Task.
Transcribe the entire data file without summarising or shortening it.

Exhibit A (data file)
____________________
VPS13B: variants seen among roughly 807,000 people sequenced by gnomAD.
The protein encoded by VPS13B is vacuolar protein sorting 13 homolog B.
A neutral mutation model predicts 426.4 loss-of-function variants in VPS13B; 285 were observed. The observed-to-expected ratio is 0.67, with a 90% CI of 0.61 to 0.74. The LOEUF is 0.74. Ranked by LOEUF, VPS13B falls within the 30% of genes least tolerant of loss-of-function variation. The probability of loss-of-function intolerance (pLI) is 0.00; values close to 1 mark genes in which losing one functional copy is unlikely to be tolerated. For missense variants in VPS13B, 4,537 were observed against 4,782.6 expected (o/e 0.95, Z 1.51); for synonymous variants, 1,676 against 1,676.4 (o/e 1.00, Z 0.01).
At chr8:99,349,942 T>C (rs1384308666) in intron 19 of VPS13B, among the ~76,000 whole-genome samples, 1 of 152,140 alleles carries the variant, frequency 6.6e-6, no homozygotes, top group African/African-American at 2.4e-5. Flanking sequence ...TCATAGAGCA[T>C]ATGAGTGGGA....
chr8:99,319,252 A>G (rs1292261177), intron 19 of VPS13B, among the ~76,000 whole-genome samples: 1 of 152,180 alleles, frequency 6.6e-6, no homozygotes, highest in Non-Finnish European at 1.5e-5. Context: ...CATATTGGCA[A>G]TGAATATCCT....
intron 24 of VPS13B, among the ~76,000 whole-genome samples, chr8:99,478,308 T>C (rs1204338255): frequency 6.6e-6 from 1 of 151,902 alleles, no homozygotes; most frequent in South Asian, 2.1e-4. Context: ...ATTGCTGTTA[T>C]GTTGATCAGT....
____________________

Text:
VPS13B: variants seen among roughly 807,000 people sequenced by gnomAD.
The protein encoded by VPS13B is vacuolar protein sorting 13 homolog B.
A neutral mutation model predicts 426.4 loss-of-function variants in VPS13B; 285 were observed. The observed-to-expected ratio is 0.67, with a 90% CI of 0.61 to 0.74. The LOEUF is 0.74. Ranked by LOEUF, VPS13B falls within the 30% of genes least tolerant of loss-of-function variation. The probability of loss-of-function intolerance (pLI) is 0.00; values close to 1 mark genes in which losing one functional copy is unlikely to be tolerated. For missense variants in VPS13B, 4,537 were observed against 4,782.6 expected (o/e 0.95, Z 1.51); for synonymous variants, 1,676 against 1,676.4 (o/e 1.00, Z 0.01).
At chr8:99,349,942 T>C (rs1384308666) in intron 19 of VPS13B, among the ~76,000 whole-genome samples, 1 of 152,140 alleles carries the variant, frequency 6.6e-6, no homozygotes, top group African/African-American at 2.4e-5. Flanking sequence ...TCATAGAGCA[T>C]ATGAGTGGGA....
chr8:99,319,252 A>G (rs1292261177), intron 19 of VPS13B, among the ~76,000 whole-genome samples: 1 of 152,180 alleles, frequency 6.6e-6, no homozygotes, highest in Non-Finnish European at 1.5e-5. Context: ...CATATTGGCA[A>G]TGAATATCCT....
intron 24 of VPS13B, among the ~76,000 whole-genome samples, chr8:99,478,308 T>C (rs1204338255): frequency 6.6e-6 from 1 of 151,902 alleles, no homozygotes; most frequent in South Asian, 2.1e-4. Context: ...ATTGCTGTTA[T>C]GTTGATCAGT....